Not everyone qualifies for a complete discharge of indebtedness under Chapter 7 of the federal bankruptcy law. An individual whose monthly income is too high will have to file instead under Chapter 13, which requires making payments for several years. However, even if a person fails the means test at first, it may still be possible to qualify for Chapter 7 debt relief after deducting certain living expenses.
Filing for debt relief under Chapter 7 of the federal bankruptcy law makes it possible to obtain a total discharge of outstanding debt, with exceptions for such debts as student loans, child support, recent taxes and credit charges made for nonessential items within 90 days of filing. Under Chapter 7, the debtor's possessions are sold to pay creditors, although the law exempts certain assets from liquidation, such as retirement funds, veteran benefits, life insurance and personal property up to a specified value, depending on the item.
The Means Test
Generally, if the debtor's income is sufficient to repay at least 25 percent of his outstanding consumer debt over five years and exceeds the annual median family income in his state, the bankruptcy filing must be made instead under Chapter 13, which requires the debtor to follow a payment plan for three to five years. According to the Department of Justice's Trustee Program, the median income is based on U.S. Census data and number of individuals in the debtor's family. In calculating monthly income in connection with the means test, the amount can be reduced for certain expenses.
Standard Expense Exceptions
Under Chapter 7, the amount of the filer's deductible monthly living costs is generally determined by the national and local standards set each year by the Internal Revenue Service. These standard amounts can be included for the debtor, dependents and, in the case of joint filing, non-dependent spouse. The national standard includes such expenses as food, clothing, household supplies, personal care products and out-of-pocket health care costs. State standards cover such costs as utilities, rent, cable television, phone and Internet. In reducing monthly income to reflect living costs, these national and local standard amounts are used even if they are substantially less than the filer's actual expenses, although Chapter 7 does give the judge discretion to make an upward adjustment for expenses for food, clothing, housing and utilities if reasonable and necessary.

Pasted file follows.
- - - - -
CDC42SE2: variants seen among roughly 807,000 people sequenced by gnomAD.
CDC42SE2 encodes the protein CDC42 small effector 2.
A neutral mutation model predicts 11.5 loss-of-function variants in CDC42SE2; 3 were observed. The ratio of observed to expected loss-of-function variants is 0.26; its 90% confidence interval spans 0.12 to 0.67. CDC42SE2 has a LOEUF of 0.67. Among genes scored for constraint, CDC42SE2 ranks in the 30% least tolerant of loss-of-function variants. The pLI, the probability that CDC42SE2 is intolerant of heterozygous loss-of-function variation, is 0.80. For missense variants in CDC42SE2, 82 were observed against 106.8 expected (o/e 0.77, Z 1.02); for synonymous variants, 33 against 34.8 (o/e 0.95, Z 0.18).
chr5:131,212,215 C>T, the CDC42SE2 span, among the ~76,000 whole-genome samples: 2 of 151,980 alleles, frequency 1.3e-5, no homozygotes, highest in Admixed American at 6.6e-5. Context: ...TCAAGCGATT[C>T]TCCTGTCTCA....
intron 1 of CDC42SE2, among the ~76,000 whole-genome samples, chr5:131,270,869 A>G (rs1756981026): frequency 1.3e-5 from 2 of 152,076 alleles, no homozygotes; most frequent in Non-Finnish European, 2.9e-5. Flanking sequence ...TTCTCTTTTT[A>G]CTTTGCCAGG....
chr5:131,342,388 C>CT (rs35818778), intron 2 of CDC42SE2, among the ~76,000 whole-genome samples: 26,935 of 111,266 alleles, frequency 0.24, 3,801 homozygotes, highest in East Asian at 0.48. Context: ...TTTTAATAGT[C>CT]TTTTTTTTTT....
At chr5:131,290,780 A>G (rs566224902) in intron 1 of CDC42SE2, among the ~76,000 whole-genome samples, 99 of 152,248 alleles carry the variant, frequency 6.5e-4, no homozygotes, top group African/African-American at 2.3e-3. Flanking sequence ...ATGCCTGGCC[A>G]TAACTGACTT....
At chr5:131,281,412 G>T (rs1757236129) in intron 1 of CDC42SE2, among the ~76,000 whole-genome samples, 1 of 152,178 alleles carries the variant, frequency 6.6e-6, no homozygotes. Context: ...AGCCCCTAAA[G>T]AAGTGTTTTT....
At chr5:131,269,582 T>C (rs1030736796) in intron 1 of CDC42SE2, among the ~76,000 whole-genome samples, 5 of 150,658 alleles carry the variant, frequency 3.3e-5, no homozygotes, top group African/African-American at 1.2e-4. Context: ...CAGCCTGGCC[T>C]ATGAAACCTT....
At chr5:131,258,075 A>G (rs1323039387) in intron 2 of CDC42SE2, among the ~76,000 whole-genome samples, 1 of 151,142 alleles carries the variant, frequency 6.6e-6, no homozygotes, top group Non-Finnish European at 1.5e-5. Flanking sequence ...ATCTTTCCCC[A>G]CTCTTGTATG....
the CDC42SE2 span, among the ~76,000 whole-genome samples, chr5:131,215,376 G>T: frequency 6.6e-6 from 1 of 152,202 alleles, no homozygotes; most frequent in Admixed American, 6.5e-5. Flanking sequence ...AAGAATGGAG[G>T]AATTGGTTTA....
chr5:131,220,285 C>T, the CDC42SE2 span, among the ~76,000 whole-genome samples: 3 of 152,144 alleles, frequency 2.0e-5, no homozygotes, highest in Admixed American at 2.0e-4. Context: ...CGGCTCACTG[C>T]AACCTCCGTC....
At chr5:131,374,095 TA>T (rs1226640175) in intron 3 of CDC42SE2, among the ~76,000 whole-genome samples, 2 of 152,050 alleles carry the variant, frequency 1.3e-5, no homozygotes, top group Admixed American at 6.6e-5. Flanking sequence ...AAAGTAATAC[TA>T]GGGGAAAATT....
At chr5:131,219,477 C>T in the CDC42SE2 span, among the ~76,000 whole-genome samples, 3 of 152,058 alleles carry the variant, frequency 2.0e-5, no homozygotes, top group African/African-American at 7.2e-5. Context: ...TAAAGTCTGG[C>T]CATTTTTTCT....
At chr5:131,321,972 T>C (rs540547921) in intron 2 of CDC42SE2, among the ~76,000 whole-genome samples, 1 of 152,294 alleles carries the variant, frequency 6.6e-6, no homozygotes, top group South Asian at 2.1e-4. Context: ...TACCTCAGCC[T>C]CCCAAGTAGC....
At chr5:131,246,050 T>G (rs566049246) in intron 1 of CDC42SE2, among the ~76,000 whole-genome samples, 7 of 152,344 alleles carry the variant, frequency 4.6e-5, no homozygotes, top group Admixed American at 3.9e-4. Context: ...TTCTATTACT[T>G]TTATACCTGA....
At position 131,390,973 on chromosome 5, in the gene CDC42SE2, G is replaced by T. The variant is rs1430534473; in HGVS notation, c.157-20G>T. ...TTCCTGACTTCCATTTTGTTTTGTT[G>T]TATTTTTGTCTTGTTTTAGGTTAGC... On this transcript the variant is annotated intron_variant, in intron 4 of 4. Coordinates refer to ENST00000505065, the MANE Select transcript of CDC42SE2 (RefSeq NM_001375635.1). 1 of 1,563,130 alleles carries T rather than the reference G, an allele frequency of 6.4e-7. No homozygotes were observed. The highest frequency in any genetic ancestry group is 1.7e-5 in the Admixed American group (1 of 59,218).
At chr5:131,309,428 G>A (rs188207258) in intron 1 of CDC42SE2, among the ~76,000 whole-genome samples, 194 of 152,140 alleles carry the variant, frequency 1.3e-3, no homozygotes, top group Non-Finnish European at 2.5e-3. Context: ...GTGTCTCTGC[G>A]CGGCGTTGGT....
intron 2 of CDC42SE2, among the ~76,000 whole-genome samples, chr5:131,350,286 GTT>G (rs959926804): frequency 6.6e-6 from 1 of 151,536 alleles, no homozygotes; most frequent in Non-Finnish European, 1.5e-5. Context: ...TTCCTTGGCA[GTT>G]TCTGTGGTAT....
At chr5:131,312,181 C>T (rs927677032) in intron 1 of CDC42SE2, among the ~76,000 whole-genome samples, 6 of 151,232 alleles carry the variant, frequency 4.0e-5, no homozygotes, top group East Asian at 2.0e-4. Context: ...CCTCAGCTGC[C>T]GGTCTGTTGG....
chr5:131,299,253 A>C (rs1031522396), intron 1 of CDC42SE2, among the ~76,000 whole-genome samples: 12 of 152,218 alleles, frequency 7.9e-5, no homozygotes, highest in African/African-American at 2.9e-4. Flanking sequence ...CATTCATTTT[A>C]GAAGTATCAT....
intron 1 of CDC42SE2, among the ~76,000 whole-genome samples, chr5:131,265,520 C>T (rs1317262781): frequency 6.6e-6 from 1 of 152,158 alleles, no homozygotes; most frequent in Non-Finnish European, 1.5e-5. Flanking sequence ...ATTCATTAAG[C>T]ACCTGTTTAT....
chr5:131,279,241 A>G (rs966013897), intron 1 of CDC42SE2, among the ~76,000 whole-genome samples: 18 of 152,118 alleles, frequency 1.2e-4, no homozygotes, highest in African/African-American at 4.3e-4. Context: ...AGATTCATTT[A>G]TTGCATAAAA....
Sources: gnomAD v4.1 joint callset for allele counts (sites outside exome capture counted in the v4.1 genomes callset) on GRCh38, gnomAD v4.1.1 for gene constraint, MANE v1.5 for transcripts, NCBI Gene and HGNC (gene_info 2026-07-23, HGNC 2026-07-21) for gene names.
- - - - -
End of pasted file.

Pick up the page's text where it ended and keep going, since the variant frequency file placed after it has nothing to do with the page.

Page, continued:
Actual and Reasonable Expense Exceptions
In addition to the national and local standard expense levels set by the IRS, Chapter 7 also establishes several categories in which expenses can be deducted from the monthly income amount. For example, monthly income can be reduced by actual and reasonable expenses for health insurance, disability insurance and health savings accounts for the filer, filer's spouse and any dependents. Other categories include care for elderly or disabled family members, expenses connected with protection from domestic violence, school-related expenses for dependent children, tax obligations, payments for secured debts, bankruptcy administration costs and involuntary payments related to employment, such as union dues or uniform expenses.
- Cornell University Law School Legal Information Institute: 11 USC § 707 - Dismissal of a Case or Conversion to a Case Under Chapter 11 or 13
- U.S. Department of Justice, U.S. Trustee Program: Census Bureau, IRS Data and Administrative Expenses Multipliers
- American Bankruptcy Institute: The Means Test: Seeing Clearly the CMI
- U.S. Courts: Liquidation Under the Bankruptcy Code
- Internal Revenue Service: Internal Revenue Manual: Part 5. Collecting Process
John Green is an attorney who has been writing on legal, business and media matters for more than 20 years. He has also taught law school and business courses in entrepreneurship, business enterprise, tax and ethics. Green received his J.D. from Yale Law School and his Ph.D. in religion from Duke.